Cubans have found solutions such as Bitrefill, a site that sells gift cards from Spotify and other companies for cryptocurrency.
General usage in El Salvador
President Bukele claims that the government-sponsored Bitcoin wallet already has more users than the entire Salvadoran banking system, potentially throwing a lifeline to thousands of unbanked individuals. These Bitcoin wallets operate partly on the Lightning network, a system that allows for cheaper and faster cryptocurrency transactions. You can now pay instantly with Bitcoin in every Salvadoran McDonald’s and Starbucks
They also made clear which area is leading adoption among the developing areas
But the real leader in Bitcoin trading is not Latin America, but Sub-Saharan Africa. UsefulTulips, a website that tracks peer-to-peer Bitcoin trading across the world, now reports that trading volumes in Sub-Saharan Africa are currently equal to those in North America and will soon exceed them. Observed volumes are on the order of $20 million a day, but the true figures are likely to be multiples higher.
Crypto Taxes Still Lack Clarity
When completing taxes there are still some situations where wash sales are considered valid tax events.
The "wash sale" rule is used to tax capital gains on stocks, bonds and other financial securities — but not cryptocurrencies. That loophole is one of several positions that might get closed by the Build Back Better bill pending in Congress.
Jordan Bass, a certified public accountant (CPA) and tax lawyer, explained to Yahoo Finance the 30-day wash sale rule hasn't ever applied to crypto assets that aren't distinctly classified as securities.
For example, if an individual takes a $10,000 position in a crypto asset then the price of that crypto asset plummets by 75% to $2,500, that person can sell their asset at a loss of $7,500 — and use the loss to offset their total tax liability.
This is a great example of how underdeveloped Crypto Tax law is in the US, Wash sales are prevented from counting in the majority of developed countries’ tax codes. Of course worth noting is that this exploit only applies to fungible tokens, NFT’s are exempt from all cases of this exploit.
“For Bitcoin or Ethereum which are fungible, it doesn’t matter which piece you have, it's all the same. That’s not true for NFTs. You typically can’t sell and buy back the same one — and if you are, then, perhaps, the entire sale is a sham,” said Gordon.
And on the flip side, some of the super-wealthy are locking in profits at the current tax rates to avoid raises in taxes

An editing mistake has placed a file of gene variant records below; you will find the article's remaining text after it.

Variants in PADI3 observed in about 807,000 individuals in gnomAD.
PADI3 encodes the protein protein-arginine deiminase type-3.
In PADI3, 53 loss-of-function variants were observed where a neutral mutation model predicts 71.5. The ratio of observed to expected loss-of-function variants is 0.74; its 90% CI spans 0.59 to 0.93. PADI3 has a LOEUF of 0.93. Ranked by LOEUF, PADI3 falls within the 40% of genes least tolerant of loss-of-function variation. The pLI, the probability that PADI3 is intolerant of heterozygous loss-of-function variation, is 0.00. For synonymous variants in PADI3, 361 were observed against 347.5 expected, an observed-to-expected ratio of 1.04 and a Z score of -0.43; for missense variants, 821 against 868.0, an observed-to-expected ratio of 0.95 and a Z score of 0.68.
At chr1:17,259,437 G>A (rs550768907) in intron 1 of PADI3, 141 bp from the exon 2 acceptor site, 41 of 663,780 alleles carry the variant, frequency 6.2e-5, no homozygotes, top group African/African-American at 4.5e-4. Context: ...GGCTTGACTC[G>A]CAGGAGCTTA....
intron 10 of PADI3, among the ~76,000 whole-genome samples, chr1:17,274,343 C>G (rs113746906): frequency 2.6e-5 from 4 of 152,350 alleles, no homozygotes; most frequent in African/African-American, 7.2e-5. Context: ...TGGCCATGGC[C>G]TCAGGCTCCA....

On the other hand, the opposite maneuver "gain tax harvesting," often favored by high net worth investors, also contributes to selling pressure around crypto and other assets like stocks, according to Gordon.
He said many of his clients with substantial holdings are also selling their gains now before a tighter tax regime in the U.S. takes hold next year.
Web 3.0 is a term that has recently come about and refers to the new internet that could become available via altcoins.
Starting at the dawn of the web, retroactively named Web 1, a new generation of writers and artists burst onto the internet independent of any publisher, promoter or label. In time, many of them would become leading cultural figures: writers and editors Cory Doctorow, Paul Ford and Choire Sicha, musicians Justin Bieber and Adele, comics artists Kate Beaton of “Hark! A Vagrant” and Randall Munroe of “xkcd” and political pundits Ana Marie Cox, Markos Moulitsas and Josh Marshall. All these and more first came to public notice on personal websites and early, barely-moderated networks like Blogger and Myspace. The heady, anarchic spirit of Web 1 emanated from people like these, many of them deeply weird, who’d come up on their own terms.
Then Web 2 came, and the algorithms ate the internet. Facebook, Google, Amazon and Netflix are now fiercely competing for, recording and monetizing every moment of your attention online, and “influencers” are a mass-market phenomenon operating on a global commercial scale. As the mega platforms’ control tightened, they bled away the internet’s original weirdness – its natural ability to surface the interesting and messy, the restless and far out.
That’s why, just by restoring a way for artists to find and communicate directly with their audiences again, away from the dictates of corporate mega platforms, Web 3 has already recovered something of the wild spirit of the internet’s early days.
NFT’s are one of the earliest use cases for Web 3.0 allowing service/product providers to directly connect to their fans/customers.
These broader cultural possibilities really came home to me in March, when the indie rock band Kings of Leon launched their new album, “When You See Yourself,” as an NFT project offered through a company I’d never heard of called YellowHeart. This sale connected digital tokens not only to digital art commissioned by the band’s longtime collaborators, but also to physical vinyl albums, to music downloads and to experiences – tickets to shows, in this case, including a very few “Golden Tickets” that entitle holders to four front-row seats at a Kings of Leon headline show in any city in the world, one performance per tour, for as long as the band continues touring. Also included: a personal car and driver for eight hours, concierge service, swag bags and a backstage meet and greet with the band.